Even the best jobs meticulously planned out by the most professional of remodelers can encounter an unexpected roadblock requiring a change order. That's not a bad thing! It's just part of the job, and it's something you should plan for. Even the most cooperative clients could balk at a change order, so don't forget to write it down. Mark Paskell over at the Contractor Coaching Partnership Blog lists nine steps to follow so you and your clients are on the same page when it comes to change orders:

  1. Include a clear change order policy in your contract with an acceptance signature line and have your client acknowledge that they understand and agree to your terms.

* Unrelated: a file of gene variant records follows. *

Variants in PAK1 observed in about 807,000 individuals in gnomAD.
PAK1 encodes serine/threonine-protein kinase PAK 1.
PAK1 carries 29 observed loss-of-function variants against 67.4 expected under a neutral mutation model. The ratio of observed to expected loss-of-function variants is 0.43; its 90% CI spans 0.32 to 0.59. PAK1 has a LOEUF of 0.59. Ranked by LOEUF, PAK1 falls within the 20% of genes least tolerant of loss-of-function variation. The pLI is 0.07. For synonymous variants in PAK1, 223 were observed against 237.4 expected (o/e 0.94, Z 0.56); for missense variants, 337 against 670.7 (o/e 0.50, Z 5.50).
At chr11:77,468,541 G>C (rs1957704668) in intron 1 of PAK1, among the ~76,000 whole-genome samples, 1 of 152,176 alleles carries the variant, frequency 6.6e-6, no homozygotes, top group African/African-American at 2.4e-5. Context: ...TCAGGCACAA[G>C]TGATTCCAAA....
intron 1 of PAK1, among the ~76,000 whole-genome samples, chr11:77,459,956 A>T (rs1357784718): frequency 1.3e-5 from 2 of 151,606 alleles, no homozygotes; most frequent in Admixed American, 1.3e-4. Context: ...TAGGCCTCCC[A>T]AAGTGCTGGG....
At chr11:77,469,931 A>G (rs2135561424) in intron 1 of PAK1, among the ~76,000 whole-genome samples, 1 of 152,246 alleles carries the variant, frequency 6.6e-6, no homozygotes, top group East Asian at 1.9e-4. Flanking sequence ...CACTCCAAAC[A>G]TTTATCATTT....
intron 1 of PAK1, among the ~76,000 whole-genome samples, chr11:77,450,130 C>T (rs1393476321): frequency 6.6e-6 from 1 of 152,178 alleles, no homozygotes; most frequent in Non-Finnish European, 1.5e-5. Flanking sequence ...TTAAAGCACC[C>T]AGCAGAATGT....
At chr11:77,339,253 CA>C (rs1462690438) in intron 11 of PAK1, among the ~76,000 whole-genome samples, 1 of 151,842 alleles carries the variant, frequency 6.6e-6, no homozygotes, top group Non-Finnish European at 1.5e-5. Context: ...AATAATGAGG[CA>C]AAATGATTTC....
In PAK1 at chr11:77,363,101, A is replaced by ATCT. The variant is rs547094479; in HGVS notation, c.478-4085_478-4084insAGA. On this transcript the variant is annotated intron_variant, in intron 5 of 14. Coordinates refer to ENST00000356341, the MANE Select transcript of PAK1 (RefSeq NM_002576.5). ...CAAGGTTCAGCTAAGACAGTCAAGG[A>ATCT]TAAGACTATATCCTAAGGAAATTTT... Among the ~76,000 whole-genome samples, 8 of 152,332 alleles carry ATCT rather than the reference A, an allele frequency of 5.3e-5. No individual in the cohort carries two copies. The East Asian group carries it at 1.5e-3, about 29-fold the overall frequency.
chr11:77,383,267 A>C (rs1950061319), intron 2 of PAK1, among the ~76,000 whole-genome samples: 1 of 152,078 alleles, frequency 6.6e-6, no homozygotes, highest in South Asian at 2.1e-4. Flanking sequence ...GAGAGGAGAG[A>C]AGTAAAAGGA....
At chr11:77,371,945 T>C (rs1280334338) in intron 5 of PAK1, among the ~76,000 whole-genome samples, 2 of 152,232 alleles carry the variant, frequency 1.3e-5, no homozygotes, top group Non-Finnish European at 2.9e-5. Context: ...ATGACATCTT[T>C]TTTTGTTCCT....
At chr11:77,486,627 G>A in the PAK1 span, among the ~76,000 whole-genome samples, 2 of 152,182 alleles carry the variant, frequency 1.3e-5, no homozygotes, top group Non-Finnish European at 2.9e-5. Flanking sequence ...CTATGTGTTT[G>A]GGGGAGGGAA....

2. In your contract state that all change orders have to be memorialized in writing and paid for either in advance or by the agreed payment schedule for the work.
  3. Clearly state that the change order will add additional time to the completion date.
  4. Remember to add change order amounts to the contract price so the client always knows the total increase to the contract.

That's just the first four pieces of Paskell's advice. No one likes change orders, so click on the link below and read the rest of his advice over at the Contractor Coaching Partnership Blog so the process is as painless as possible.

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